No activation or online connection required to play. Safety and satisfaction. Empire Earth Gold Edition. Control the destiny of a fledgling civilization through as many as , years of human history. From meagre beginnings you must exploit the natural resources around you to build an empire capable of dominating the Earth.
But your rise to supremacy will not go unchallenged. As was the case through User reviews. Product details. System requirements. Windows XP or Vista, 1. As was the case throughout history, rival civilizations are certain to oppose you every step of the way.
Empire Earth is literally a game for the ages. Graphics: Graphics are a tad blocky, but unit movement animations look decent, especially the death spirals of airplanes and ships sliding to a watery grave.
Sound: Barring the questionable voice acting, the sounds are consistently accurate and reflective of the proper time period. Enjoyment: While the game is mostly military in nature, the battles are exciting, more so if at sea.
Customization reaches a new high with civilization points, tech research, and unit improvements. Platforms: PC File size: Your cart is empty. Your shopping cart is empty. Our only major criticism at this point is the blatant lack of originality, but if Stainless Steel Studios is sacrificing that for good old fashioned playability, who are we to complain? Although Empire Earth bares many similarities to Age Of Empires, its one defining difference is that you can zoom right into the thick of the action.
But can you really play from this view, or is it just a flashy feature that will look great but be useless in terms of gameplay? Having spent the best part of a week playing the Beta, I have to admit it's nearly impossible to play from this view. However, it's pretty quick and easy to zoom in and out, so the best thing to do is issue your orders from the standard overhead view and then zoom in to take a quick look at the carnage, which you have to admit, looks pretty spectacular up close.
There has to have been a time - perhaps when you're waiting for that bus that never comes or when your mind is drifting while you're talking to the world's most boring person - that your thoughts have turned to what could possibly be the perfect computer game. While this is subjective to a large degree, there are certain game concepts that just cannot be argued with. One of them is a game called Civilization which is arguably the most original and addictive game ever created.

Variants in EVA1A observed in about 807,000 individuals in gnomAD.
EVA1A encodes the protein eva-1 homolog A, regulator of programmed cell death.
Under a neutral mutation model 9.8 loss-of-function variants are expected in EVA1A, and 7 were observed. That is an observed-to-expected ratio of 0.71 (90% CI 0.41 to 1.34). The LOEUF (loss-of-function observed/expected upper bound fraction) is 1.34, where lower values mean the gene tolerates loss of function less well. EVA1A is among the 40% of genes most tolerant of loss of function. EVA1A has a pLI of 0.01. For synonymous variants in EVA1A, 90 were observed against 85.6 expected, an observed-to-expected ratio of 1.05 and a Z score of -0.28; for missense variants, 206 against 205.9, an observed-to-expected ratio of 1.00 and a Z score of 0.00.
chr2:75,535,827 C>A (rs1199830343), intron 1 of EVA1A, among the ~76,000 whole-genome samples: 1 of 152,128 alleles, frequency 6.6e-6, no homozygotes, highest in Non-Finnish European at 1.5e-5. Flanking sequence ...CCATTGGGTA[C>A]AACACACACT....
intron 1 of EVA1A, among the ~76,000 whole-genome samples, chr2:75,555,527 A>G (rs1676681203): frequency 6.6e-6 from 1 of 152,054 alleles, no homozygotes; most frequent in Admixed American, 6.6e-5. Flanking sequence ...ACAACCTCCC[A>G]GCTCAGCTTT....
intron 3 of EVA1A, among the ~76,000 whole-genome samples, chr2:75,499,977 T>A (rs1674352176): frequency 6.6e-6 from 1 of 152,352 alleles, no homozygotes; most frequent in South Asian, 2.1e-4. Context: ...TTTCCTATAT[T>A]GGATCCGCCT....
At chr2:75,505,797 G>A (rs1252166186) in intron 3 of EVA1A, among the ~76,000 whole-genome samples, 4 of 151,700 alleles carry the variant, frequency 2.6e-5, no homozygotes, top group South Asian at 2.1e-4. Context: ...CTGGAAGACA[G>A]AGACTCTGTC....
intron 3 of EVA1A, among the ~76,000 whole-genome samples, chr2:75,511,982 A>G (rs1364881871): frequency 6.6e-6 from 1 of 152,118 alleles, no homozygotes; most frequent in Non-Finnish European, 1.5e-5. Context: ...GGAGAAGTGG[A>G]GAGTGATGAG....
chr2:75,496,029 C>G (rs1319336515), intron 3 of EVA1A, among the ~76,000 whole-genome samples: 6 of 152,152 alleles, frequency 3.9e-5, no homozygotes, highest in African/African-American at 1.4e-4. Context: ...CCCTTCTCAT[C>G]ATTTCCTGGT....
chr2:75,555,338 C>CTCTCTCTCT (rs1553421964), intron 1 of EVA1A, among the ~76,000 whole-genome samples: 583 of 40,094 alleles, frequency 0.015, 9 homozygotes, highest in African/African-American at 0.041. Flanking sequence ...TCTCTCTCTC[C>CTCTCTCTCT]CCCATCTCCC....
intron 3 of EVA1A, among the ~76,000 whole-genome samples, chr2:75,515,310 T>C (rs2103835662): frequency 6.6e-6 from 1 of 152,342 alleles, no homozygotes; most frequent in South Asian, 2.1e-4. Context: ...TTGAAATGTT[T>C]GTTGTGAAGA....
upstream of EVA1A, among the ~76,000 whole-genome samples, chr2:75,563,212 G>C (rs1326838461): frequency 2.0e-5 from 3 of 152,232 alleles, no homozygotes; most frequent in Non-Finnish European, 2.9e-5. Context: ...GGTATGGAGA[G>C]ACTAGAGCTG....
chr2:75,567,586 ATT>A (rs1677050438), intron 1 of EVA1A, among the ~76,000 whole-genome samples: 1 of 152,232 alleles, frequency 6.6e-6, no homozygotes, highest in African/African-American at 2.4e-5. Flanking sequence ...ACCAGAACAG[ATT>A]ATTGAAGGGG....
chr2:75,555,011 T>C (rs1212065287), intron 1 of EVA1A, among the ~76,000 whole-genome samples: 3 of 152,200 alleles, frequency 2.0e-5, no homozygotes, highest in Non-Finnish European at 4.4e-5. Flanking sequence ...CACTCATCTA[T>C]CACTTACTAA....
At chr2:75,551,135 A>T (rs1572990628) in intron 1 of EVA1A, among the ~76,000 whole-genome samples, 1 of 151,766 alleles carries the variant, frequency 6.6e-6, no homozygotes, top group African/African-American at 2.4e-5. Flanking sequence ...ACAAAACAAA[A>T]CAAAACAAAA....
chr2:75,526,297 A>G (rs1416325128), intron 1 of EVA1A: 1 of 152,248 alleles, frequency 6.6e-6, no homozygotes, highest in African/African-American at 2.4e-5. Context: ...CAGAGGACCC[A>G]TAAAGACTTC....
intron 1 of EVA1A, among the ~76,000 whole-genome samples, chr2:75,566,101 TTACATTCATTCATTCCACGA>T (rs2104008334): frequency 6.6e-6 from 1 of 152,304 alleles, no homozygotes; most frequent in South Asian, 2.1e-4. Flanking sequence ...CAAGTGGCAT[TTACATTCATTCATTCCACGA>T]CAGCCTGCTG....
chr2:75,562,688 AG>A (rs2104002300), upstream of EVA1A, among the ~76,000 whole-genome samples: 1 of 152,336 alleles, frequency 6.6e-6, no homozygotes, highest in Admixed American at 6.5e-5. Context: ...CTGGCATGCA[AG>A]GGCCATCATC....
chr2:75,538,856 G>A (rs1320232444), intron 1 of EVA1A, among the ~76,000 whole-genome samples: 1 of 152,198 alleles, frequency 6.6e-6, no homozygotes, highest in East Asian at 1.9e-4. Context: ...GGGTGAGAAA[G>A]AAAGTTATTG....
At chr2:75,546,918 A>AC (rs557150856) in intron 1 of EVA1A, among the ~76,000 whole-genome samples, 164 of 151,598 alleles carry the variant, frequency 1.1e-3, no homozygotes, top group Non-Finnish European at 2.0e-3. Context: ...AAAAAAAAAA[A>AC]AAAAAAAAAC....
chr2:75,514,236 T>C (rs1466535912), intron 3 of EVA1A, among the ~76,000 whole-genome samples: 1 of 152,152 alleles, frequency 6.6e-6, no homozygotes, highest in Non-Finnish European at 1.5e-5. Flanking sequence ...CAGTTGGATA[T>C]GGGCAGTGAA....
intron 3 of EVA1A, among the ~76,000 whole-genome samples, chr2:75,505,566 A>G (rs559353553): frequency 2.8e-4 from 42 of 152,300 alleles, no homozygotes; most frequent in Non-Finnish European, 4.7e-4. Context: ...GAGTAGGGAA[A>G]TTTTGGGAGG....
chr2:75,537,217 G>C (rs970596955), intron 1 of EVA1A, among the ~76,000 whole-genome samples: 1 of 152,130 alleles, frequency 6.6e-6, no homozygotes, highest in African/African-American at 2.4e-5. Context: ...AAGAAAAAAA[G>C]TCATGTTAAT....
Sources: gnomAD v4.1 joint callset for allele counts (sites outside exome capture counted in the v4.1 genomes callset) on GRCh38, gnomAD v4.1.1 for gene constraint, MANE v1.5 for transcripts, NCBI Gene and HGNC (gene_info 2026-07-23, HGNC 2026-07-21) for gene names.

However, while RTS games are undoubtedly more exciting than their turn-based counterparts, they have never managed to display the sheer depth and complexity of the mighty Civilization. Civs graphical simplicity allowed it to give gamers a huge and diverse amount of choices in which to play the game, and a technology tree that RTS games could only dream about.
It appears to be obvious then, that any game that could marry the timeline and complexity of Civilization with the edge-of-the-seat excitement of an RTS game, would surely be the perfect strategy game, or at least as damn close as you're ever going to get. That hypothetical game has finally arrived, and its name is Empire Earth. Empire Earth takes you from prehistoric times right through to modern times and beyond, covering every important stage of human evolution along the way. It's mighty ambitious, and the developers have not skimped in terms of diversity of units and technology as you are taking on a massive tour through human history.
You'll discover the obligatory mass slaughter along the way that only the human race would ever think of imposing upon itself at every opportunity. In terms of look and feel, you will be on familiar ground right from the moment you load up the game and dive into the prehistoric era. In fact it's not unfair to describe it as AOE with a lot more epochs and a lot more units, so similar are the two titles. This, as we all know, is no bad thing. This one of the best RTS games we've ever seen, so any game that claims to be AOE with knobs on surely can't be a bad thing, right?
Well, yes, and no. While there's nothing particularly wrong with 2D strategy games, we have come to expect proper 3D in just about every genre these days, and it's something of a shock to find that Empire Earth, although 3D, has ditched its free-roaming camera and instilled a fixed-angle view, although you can still zoom in and out. This has obviously been done for gameplay reasons so you don't get lost while you're swirling around but its looks suffer accordingly. Likewise, civic establishments might be made by the player through the principle menu or in the guide editorial manager.
Every human progress has a few rewards, for example, speed up or diminished expense for a sort of unit. Any human progress can be played at any age however might be amazing in ages that utilization units that it has rewards for.
Coming up next are the accessible civic establishments, gathered into their suggested ages. Multiplayer comprises of on the web and system play with up to 8 individuals at the same time. The game is an essential war between all sides, except if discretion is included. Freeciv Free Civilization style game. Download Empire Earth demo. Starting with the prehistoric and stone ages through to the Renaissance and into the digital and nano ages an epic span of years is completely playable.
Depending on the age in which you find yourself differing units of warfare such as archers will evolve into your tactical plans. There are numerous playable empires some of which include Ancient Greek British Empire and Byzantine. With many playable campaigns great evolution from the stone age through to tanks submarines and into futuristic weaponery Empire Earth provides a thoroughly historic experience.